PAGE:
Sell Virtual Products in Online Games
Can you really make money with a business based on an online game's virtual economy? Yes.
Those kids you knew who spent their weekends playing Dungeons & Dragons were onto something. Virtual games and worlds are spawning virtual economies. "It's a real economy, but it exists in a virtual space, a computer-generated, earth-like environment that has persistence and physics," says Edward Castronova, associate professor of telecommunications at Indiana University in Bloomington. He points to the online video game World of Warcraft, which hit 7 million subscribers in September, as the largest example of a virtual economy in action.
Entrepreneurs will have to look beyond potions and battle helms for opportunities, though. That's what Sibley Verbeck's The Electric Sheep Company has done. The 31-year-old founder and CEO (in both real- and virtual-world versions) helms a team of nearly 30 employees that builds virtual 3-D experiences, including the open-ended virtual world of Second Life.
Online video games may have more participants, but virtual worlds like Second Life are wide open to creative business models that enhance in-world play. "You have to build your business around an aspect of the virtual world that makes [your business] fundamentally better than other platforms," says Verbeck. Think virtual real estate speculation, content creation and even ultra-interactive online learning spaces for 3-D collaboration. "This is like the opening of the frontier combined with the collapse of communism," says Castronova. "I would advise entrepreneurs to go play video games for a while."
Thinking of starting a business based on a virtual economy? Follow these tips:
- Make sure it makes sense. When it comes to the gee-whiz worlds of game and virtual economies, there's a temptation to climb the mountain just because it's there. But smart entrepreneurs will make sure there's a need before they launch their businesses. "The classic mistake is doing things that look cool but can be done more efficiently on the web," says Sibley Verbeck, 31-year-old founder and CEO of Electric Sheep Co. in Washington, DC. He helms a team of 20 employees that builds virtual 3-D experiences focused on the open-ended virtual world of Second Life.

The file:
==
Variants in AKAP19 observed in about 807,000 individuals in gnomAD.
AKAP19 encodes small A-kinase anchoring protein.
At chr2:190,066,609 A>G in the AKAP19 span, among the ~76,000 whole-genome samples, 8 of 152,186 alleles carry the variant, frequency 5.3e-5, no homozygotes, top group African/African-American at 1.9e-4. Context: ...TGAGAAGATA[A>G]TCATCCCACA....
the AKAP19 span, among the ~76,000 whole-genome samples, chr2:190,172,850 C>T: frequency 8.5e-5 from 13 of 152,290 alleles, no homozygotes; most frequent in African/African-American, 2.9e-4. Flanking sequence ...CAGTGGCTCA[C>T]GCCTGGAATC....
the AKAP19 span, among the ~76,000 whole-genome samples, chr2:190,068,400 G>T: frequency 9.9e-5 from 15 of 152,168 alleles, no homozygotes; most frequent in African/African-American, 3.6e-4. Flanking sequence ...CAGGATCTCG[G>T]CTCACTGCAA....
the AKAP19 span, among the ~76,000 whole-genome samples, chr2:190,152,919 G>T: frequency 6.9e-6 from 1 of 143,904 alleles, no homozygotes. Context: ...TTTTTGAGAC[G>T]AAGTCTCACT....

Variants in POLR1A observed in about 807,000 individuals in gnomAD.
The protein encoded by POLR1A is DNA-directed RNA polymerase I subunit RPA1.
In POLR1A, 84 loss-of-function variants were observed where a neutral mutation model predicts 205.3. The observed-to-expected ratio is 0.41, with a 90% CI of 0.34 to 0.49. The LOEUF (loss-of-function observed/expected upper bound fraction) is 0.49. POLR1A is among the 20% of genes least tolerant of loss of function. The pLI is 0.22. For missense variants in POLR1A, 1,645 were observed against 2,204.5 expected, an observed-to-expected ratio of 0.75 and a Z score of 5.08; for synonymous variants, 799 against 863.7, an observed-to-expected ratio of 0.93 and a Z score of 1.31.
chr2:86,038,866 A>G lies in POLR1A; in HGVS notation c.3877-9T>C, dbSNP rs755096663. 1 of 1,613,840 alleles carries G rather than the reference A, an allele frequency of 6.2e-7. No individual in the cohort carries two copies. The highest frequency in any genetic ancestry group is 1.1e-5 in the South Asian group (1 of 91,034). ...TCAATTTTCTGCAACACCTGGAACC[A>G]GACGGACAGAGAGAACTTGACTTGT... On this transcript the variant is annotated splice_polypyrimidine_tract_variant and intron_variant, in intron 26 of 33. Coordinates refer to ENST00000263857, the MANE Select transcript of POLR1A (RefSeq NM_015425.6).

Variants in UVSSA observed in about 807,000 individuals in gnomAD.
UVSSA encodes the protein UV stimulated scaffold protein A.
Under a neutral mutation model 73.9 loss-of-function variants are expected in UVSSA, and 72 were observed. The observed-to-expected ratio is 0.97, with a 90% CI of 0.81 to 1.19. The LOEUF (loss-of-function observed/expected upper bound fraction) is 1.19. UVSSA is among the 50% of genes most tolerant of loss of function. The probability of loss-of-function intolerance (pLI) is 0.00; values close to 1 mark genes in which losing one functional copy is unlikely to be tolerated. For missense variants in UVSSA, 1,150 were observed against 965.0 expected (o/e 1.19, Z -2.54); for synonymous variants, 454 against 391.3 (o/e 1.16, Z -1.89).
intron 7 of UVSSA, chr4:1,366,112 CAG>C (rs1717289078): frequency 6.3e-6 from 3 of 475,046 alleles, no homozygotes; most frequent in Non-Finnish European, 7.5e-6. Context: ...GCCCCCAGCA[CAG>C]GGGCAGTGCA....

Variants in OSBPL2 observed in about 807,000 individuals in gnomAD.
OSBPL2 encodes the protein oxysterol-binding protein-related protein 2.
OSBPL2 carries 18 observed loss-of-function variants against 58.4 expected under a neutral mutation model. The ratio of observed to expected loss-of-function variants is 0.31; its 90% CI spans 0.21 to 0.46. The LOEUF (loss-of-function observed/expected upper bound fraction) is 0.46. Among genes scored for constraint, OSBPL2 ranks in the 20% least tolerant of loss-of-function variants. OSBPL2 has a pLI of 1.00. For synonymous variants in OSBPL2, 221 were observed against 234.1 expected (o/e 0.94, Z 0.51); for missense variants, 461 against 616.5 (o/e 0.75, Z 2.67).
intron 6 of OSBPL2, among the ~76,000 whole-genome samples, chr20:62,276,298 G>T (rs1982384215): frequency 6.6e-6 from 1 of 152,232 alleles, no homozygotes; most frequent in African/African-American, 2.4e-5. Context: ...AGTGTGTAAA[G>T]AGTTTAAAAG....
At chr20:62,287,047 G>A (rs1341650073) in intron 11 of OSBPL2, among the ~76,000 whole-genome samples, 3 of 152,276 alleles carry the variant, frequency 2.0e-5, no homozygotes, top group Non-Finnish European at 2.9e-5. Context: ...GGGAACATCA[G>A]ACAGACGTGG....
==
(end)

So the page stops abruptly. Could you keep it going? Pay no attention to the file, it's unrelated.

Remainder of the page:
- Don't dawdle. Virtual economies are growing up fast. For startups, Verbeck advises, "This is a fantastic time to do it. A lot has been proven, but a lot hasn't been realized yet. It's a good time to get in and explore." You want to be on the leading edge of the curve so you're not playing catch-up down the line.
- Play by the rules. Online games like World of Warcraft have specific user rules that can put a damper on entrepreneurial plans when it comes to real world money. Pay attention to player contracts that make it illegal to sell virtual goods for real money. Just because other people are doing it, doesn't mean it's a good idea for your business. "In my official capacity of public spokesperson, I cannot advise anyone to violate contracts," says Edward Castronova, associate professor of telecommunications at Indiana University in Bloomington.
- Get to know the game. Whether you're interested in the gaming inside of Everquest or the open-ended landscapes of Second Life, you have to play to make it pay. It takes time and a dedication to exploration to really get to know a virtual or game economy, what makes it tick and what the needs of other users are.
- Use your imagination. "The next few years of virtual economies will be led by entertainment," says Verbeck. But that's not the only fertile ground. There is entrepreneurial room for educational endeavors, informational services and social networking.